The injection of AI into the recruiting industry is exciting for job seekers and firms alike. But it is precisely at this time, when many new players are newly exploring the tremendous opportunities that are at hand, that engineers and policymakers must be doubly cautious to assure ethical standards are adhered to in the development of new hiring technologies powered by AI.
The starkest and most concerning issue is algorithmic discrimination, which can unwittingly be propagated through AI, particularly if its designers are not careful in how they select input data and how they craft the underlying algorithms.
We already know that humans can make biased decisions in hiring contexts. In one widely-cited NBER experiment, recruiters reviewed resumes that featured both “white sounding” and “black sounding” names. Even though both groups were similarly credentialed on paper, the recruiters more often selected the former group. Imagine a situation in which such a recruiting policy is coded into a decision-making algorithm. This situation is entirely feasible, particularly if the policy leads to profitable results for the employing client despite its implicit bias.
The recruiting industry is replete with arbitrary measures of competence and qualifications, each of which can perpetuate bias in its own right. Enterprise, the car rental company, for example, uses tools provided by software firm iCIMS to check whether candidates meet minimum requirements including a bachelor’s degree and some form of leadership experience. Such bright-line conditions aided by software can limit opportunities for deserving people who do not satisfy them but would otherwise perform the work well, potentially perpetuating bias.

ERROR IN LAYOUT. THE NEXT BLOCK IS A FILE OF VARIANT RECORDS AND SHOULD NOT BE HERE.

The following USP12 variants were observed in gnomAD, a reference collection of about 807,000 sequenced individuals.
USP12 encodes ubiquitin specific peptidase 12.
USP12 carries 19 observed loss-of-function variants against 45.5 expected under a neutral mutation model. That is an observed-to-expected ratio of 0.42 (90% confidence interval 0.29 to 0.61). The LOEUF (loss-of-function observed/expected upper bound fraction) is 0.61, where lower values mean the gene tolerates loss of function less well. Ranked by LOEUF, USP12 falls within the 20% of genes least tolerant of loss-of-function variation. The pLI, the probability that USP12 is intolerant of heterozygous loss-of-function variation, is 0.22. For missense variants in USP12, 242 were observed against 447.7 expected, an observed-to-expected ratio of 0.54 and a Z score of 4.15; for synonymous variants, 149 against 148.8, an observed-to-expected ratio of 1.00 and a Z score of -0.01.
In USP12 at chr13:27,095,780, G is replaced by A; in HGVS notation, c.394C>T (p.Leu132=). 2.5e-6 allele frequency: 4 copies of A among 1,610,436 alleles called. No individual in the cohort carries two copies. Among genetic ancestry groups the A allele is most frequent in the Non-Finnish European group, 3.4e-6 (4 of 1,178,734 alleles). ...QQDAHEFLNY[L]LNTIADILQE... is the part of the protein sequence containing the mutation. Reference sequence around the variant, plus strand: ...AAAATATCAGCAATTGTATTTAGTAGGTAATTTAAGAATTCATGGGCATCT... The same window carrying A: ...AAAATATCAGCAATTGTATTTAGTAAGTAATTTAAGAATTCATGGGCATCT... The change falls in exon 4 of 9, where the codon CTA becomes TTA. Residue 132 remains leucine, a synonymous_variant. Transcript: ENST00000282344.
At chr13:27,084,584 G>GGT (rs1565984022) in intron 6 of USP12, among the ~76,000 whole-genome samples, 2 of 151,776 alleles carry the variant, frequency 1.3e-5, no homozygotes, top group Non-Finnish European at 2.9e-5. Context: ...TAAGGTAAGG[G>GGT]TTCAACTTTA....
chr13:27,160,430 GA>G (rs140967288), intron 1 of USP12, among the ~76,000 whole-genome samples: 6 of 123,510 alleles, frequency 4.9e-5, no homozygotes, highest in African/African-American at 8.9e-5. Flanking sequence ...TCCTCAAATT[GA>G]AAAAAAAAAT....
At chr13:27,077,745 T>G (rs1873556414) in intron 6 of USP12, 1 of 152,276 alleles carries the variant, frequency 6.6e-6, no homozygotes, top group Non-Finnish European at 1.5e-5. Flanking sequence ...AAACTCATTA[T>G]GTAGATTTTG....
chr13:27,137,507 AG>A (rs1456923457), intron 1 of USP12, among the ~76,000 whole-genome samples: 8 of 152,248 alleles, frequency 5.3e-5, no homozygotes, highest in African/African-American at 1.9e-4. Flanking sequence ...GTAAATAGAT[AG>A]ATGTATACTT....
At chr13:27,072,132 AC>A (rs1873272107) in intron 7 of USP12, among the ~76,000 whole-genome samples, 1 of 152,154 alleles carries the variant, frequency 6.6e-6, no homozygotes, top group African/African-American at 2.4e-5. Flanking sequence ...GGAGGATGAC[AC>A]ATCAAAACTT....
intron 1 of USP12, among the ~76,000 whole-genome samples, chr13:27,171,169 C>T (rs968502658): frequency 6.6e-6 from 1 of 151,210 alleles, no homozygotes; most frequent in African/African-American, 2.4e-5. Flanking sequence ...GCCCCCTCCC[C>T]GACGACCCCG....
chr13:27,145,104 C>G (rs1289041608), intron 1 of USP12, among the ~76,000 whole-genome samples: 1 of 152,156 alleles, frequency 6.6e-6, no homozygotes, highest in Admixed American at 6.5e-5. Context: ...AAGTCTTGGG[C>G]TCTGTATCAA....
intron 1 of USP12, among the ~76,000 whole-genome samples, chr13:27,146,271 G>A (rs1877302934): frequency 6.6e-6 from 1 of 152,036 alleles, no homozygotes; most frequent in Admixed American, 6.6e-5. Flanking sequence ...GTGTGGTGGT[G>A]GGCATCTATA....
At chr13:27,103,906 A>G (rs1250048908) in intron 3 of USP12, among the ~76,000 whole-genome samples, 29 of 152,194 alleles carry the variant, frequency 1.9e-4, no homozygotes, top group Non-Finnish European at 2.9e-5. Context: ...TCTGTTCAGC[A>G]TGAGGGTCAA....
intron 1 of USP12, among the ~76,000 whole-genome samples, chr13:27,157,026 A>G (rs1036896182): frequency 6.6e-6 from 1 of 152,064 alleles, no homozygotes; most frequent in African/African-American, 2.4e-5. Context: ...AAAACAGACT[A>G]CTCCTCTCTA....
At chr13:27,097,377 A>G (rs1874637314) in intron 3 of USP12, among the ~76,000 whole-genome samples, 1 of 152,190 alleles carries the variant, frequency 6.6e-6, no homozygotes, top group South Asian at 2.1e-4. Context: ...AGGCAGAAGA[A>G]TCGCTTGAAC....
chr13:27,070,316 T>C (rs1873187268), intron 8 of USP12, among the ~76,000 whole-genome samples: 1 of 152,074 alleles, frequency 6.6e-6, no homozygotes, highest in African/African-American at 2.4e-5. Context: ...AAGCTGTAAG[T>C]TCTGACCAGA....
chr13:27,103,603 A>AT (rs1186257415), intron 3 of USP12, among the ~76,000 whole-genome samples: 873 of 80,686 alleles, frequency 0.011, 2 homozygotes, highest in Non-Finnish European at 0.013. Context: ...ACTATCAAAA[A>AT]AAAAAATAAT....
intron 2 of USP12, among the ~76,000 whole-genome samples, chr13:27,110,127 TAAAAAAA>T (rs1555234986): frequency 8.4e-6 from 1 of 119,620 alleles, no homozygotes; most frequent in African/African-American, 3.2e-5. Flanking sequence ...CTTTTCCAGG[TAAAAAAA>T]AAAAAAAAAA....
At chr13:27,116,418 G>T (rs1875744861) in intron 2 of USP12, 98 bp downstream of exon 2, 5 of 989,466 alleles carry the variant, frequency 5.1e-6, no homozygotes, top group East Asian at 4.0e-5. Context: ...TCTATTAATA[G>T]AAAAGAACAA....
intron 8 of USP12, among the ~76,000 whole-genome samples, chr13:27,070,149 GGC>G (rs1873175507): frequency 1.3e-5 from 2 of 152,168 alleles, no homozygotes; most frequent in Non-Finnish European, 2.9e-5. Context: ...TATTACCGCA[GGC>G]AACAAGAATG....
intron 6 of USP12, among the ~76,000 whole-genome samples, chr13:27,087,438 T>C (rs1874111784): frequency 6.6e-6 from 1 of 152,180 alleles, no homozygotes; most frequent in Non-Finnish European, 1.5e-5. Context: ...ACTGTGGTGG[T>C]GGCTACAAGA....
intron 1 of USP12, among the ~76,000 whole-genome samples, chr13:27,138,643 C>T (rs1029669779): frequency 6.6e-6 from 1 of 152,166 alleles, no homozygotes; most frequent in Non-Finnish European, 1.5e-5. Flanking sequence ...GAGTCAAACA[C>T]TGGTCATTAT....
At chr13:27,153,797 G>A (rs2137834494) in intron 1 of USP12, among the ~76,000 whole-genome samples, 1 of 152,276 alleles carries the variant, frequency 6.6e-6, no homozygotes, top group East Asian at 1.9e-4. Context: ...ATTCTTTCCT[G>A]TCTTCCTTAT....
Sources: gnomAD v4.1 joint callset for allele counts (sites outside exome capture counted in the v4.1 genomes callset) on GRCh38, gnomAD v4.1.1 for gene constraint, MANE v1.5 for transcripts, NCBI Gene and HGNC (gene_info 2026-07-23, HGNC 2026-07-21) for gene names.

HireVue, a company that develops recruiting tools used by such multinationals as Unilever, uses video interviewing to screen candidates for its clients by applying a combination of facial analysis and AI that measures and examines such behaviors as word choice, gestures, and voice inflections. If the engineers developing these tools commit certain kinds of errors or oversights in gathering their input data or building machine learning systems, unintentional bias could be the direct result. Technicians could, for instance, introduce selection bias in gathering input data, or unnecessarily narrow options for certain people, thus leaving them short of the economic opportunities afforded to others.